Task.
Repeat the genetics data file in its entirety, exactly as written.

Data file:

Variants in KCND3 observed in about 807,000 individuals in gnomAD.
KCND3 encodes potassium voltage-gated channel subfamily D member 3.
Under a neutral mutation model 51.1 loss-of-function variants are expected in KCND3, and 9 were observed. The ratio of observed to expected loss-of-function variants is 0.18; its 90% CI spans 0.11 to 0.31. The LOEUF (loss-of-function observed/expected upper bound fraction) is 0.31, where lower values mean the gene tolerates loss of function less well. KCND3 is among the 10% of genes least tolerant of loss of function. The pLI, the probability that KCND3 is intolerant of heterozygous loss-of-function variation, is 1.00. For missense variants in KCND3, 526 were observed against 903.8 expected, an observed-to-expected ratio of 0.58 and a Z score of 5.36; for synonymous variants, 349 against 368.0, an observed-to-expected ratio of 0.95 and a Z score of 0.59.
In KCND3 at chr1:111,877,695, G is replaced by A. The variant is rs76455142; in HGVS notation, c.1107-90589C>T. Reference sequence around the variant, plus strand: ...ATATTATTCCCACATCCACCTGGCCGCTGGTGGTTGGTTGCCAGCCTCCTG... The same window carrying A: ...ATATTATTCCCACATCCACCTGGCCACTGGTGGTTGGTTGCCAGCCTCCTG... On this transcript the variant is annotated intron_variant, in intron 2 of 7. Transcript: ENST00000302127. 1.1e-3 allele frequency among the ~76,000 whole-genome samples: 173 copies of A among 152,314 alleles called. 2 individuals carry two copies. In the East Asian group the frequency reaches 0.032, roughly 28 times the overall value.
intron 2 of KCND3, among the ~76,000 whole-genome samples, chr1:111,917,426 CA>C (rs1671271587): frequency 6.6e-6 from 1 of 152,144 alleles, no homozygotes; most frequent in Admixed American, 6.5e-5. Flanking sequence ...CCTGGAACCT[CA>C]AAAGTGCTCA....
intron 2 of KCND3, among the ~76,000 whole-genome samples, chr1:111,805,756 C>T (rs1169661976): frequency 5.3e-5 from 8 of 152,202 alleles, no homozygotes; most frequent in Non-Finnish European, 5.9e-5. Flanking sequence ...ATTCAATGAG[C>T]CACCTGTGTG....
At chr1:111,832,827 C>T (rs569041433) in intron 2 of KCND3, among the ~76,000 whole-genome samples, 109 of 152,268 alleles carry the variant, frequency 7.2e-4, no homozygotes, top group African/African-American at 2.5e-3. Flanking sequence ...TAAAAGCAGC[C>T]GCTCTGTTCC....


Variants in KCND3 observed in about 807,000 individuals in gnomAD.
KCND3 encodes potassium voltage-gated channel subfamily D member 3.
Under a neutral mutation model 51.1 loss-of-function variants are expected in KCND3, and 9 were observed. The ratio of observed to expected loss-of-function variants is 0.18; its 90% CI spans 0.11 to 0.31. The LOEUF (loss-of-function observed/expected upper bound fraction) is 0.31, where lower values mean the gene tolerates loss of function less well. KCND3 is among the 10% of genes least tolerant of loss of function. The pLI, the probability that KCND3 is intolerant of heterozygous loss-of-function variation, is 1.00. For missense variants in KCND3, 526 were observed against 903.8 expected, an observed-to-expected ratio of 0.58 and a Z score of 5.36; for synonymous variants, 349 against 368.0, an observed-to-expected ratio of 0.95 and a Z score of 0.59.
In KCND3 at chr1:111,877,695, G is replaced by A. The variant is rs76455142; in HGVS notation, c.1107-90589C>T. Reference sequence around the variant, plus strand: ...ATATTATTCCCACATCCACCTGGCCGCTGGTGGTTGGTTGCCAGCCTCCTG... The same window carrying A: ...ATATTATTCCCACATCCACCTGGCCACTGGTGGTTGGTTGCCAGCCTCCTG... On this transcript the variant is annotated intron_variant, in intron 2 of 7. Transcript: ENST00000302127. 1.1e-3 allele frequency among the ~76,000 whole-genome samples: 173 copies of A among 152,314 alleles called. 2 individuals carry two copies. In the East Asian group the frequency reaches 0.032, roughly 28 times the overall value.
intron 2 of KCND3, among the ~76,000 whole-genome samples, chr1:111,917,426 CA>C (rs1671271587): frequency 6.6e-6 from 1 of 152,144 alleles, no homozygotes; most frequent in Admixed American, 6.5e-5. Flanking sequence ...CCTGGAACCT[CA>C]AAAGTGCTCA....
intron 2 of KCND3, among the ~76,000 whole-genome samples, chr1:111,805,756 C>T (rs1169661976): frequency 5.3e-5 from 8 of 152,202 alleles, no homozygotes; most frequent in Non-Finnish European, 5.9e-5. Flanking sequence ...ATTCAATGAG[C>T]CACCTGTGTG....
At chr1:111,832,827 C>T (rs569041433) in intron 2 of KCND3, among the ~76,000 whole-genome samples, 109 of 152,268 alleles carry the variant, frequency 7.2e-4, no homozygotes, top group African/African-American at 2.5e-3. Flanking sequence ...TAAAAGCAGC[C>T]GCTCTGTTCC....